Villafana did well against Honduras although he did not push forward as much as a first-choice left back should. But is Villafana finally the solution that will finally put Johnson in his best position? If he can keep getting regular minutes for Santos Laguna (he managed to make his first start since September shortly before the international break) you have to like Villafana’s chances. To earn a start and be part of a clean sheet against Honduras in a game with this much on the line is a big way to earn the coach’s trust.

If Villafana plays this way against Panama, he will probably get to start with Johnson in the midfield for the June qualifiers. The Gold Cup will give him more of a chance to grow into the position. Then if he can add more offensive bite to his game, the team will be in good shape.

Those are all very doable “ifs”

How does Jermaine Jones fit in?

After a solid team performance from the midfield, how will Jermaine Jones fit into this squad? Bradley’s performances always generate a wide range of reviews but Jones is a tough player to play with. With Arena asking Bradley to sit deeper, Jones seems to be in a better spot to succeed with Pulisic, Lletget, Bedoya, and Nagbe playing more defined positions.

Jones is different. He likes to have a lot of freedom to roam the field and he does provide an imposing physical presence in the midfield. But is the U.S. team finally growing beyond the 35-year-old enforcer? Perhaps. It’s tough to see the U.S. team winning 6-0 against Honduras with Jones in place of any of the midfielders.

That doesn’t mean the U.S. is completely beyond Jones. There might be times when his style can be very useful but Arena’s system might be more proactive offensively and that might not always work for Jones.

Also, with Kellyn Acosta and Emerson Hyndman rising qickly, there are only so many central midfielders this team needs.

Building toward Panama

These three points were imperative but a win over Panama likely goes a long way toward getting the team back on track. A draw would be decent and a loss still likely leaves the team in a dicey spot. So how does the U.S. take the win over Honduras and use it to its advantage next week?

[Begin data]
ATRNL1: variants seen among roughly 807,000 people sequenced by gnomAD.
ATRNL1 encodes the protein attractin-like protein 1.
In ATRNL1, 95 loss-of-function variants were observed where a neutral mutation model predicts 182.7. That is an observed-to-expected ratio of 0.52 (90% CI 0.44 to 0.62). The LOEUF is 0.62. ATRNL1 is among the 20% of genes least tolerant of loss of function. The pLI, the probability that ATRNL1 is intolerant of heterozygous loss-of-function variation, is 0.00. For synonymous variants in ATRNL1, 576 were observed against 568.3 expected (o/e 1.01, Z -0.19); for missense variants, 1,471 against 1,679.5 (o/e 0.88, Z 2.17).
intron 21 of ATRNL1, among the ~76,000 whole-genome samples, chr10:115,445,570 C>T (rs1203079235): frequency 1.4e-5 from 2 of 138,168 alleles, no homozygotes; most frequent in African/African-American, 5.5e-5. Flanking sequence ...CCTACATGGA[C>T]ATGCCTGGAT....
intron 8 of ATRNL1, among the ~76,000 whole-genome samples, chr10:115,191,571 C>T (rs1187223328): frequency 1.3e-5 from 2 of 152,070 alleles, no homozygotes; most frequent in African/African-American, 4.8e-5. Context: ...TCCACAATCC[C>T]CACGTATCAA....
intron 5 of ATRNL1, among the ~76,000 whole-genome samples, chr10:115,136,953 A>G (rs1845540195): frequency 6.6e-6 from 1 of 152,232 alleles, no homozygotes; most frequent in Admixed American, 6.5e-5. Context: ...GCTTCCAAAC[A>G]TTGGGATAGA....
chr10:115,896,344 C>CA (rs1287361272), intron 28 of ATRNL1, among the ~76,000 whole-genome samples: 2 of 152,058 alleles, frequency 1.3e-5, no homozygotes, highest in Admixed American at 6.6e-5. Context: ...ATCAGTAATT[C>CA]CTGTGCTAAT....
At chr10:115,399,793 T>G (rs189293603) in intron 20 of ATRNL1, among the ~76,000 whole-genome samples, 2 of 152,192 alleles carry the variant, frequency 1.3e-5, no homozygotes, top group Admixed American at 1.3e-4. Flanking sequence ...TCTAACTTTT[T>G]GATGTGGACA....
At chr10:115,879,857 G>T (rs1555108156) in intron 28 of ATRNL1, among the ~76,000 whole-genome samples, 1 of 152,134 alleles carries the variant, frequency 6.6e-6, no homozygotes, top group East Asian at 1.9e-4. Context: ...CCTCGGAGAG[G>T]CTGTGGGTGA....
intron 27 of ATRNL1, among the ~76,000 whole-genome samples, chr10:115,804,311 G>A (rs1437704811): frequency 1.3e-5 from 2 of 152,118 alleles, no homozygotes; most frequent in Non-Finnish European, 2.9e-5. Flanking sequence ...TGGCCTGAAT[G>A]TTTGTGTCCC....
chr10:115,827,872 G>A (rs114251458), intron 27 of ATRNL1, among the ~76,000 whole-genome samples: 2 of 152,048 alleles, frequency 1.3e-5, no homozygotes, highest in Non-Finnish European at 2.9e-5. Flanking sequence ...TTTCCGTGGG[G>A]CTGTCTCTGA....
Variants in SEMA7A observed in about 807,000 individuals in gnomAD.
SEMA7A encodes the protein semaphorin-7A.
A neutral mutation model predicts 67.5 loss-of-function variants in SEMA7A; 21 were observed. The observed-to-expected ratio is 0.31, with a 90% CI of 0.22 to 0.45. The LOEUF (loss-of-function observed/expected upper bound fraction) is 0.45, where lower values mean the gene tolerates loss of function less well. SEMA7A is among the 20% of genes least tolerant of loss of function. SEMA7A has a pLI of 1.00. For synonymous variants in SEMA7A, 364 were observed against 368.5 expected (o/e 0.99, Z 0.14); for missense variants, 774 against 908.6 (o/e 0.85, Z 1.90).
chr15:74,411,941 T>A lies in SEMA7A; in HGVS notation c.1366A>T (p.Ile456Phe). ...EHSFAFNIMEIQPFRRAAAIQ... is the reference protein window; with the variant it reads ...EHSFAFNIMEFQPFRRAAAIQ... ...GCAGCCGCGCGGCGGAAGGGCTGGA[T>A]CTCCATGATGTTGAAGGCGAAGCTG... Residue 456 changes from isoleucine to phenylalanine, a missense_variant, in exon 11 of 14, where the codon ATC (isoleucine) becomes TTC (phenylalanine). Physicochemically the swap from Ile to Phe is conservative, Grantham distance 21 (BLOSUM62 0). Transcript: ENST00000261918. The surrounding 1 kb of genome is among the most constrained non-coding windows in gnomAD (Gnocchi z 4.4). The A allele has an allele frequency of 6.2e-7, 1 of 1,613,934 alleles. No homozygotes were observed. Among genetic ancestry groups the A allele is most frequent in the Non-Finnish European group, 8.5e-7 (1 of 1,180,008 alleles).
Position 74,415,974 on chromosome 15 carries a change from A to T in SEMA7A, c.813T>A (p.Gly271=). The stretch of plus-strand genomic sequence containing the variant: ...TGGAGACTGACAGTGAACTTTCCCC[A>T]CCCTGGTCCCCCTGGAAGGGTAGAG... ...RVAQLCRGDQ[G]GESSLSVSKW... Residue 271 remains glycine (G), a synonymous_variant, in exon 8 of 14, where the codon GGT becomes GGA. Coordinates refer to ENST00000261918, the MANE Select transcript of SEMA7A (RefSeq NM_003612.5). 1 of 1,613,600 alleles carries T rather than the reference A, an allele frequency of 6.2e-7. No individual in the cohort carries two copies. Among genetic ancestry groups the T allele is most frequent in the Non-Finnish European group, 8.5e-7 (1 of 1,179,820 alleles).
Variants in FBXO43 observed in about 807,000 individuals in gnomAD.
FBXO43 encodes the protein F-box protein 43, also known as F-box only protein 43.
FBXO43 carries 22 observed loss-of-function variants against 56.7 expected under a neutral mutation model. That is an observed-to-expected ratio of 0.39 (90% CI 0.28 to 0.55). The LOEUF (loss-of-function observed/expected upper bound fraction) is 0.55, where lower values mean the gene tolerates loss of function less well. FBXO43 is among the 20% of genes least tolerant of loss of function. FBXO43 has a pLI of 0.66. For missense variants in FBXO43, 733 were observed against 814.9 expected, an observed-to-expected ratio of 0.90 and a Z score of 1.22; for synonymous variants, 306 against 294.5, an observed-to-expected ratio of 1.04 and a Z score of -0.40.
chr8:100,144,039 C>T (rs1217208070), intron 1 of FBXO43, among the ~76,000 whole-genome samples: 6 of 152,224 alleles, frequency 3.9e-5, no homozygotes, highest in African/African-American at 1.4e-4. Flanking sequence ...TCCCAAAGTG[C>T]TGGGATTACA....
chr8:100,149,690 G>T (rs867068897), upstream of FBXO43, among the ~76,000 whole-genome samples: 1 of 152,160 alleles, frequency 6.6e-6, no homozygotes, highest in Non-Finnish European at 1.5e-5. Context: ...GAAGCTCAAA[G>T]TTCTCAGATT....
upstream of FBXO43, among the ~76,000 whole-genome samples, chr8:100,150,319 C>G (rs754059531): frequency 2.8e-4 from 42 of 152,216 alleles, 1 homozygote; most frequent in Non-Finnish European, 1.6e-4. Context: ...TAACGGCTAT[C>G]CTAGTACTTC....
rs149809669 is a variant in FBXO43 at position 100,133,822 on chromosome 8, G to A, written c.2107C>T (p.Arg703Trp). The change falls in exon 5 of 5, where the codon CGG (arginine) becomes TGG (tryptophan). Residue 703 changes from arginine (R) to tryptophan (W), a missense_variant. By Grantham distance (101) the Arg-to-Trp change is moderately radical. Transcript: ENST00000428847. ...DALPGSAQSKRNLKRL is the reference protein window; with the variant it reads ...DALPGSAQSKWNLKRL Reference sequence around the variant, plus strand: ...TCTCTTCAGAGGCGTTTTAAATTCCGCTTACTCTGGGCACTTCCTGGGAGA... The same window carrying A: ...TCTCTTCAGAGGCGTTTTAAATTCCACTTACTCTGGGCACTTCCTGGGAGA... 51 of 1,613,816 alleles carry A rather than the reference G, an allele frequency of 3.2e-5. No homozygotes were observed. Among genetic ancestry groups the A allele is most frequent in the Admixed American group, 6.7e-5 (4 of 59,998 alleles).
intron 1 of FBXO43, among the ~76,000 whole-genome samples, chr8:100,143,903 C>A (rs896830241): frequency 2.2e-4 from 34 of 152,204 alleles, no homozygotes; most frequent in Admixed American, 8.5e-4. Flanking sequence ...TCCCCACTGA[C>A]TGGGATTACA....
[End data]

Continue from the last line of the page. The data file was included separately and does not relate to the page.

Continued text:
It's worth noting that the U.S. did not play as well as the 6-0 scoreline suggests. There wer some mistakes, bad turnovers, and Honduras’ poor finishing made a clean sheet a little generous.

To win against Panama, scoring another early goal would be enormous. But even if the Yanks don’t score early, they have to hold the ball as much as possible and let the offense flow through Pulisic. Can Dempsey go another full 90 minutes? That's a valid concern.

One potential problem will be in central defense. John Brooks is a question mark after leaving Friday’s game on a stretcher because of dehydration and Omar Gonzalez looked shaky at times. It wouldn’t be surprising to see Walker Zimmerman step up and play alongside Tim Ream.

The U.S. would also benefit from more aggressive play from fullbacks Villafana and Geoff Cameron. That could open the game up because when Panama watches the tape from Friday night, it will see how every U.S. attack went up the middle.

Overall, the U.S. team has the momentum and the talent to beat Panama, a team that just lost to Trinidad & Tobagobut. But road games in CONCACAF are tricky and officiating and field conditions are typically poor. 

Expect the U.S. to keep a similar lineup, even if the defense sees some cosmetic changes. If Arena and Co. can pull off another win, it will not just improve the odds of qualifying but it should allow Arena to experiment slightly more (including at the Gold Cup) and perhaps even introduce some newer/younger players.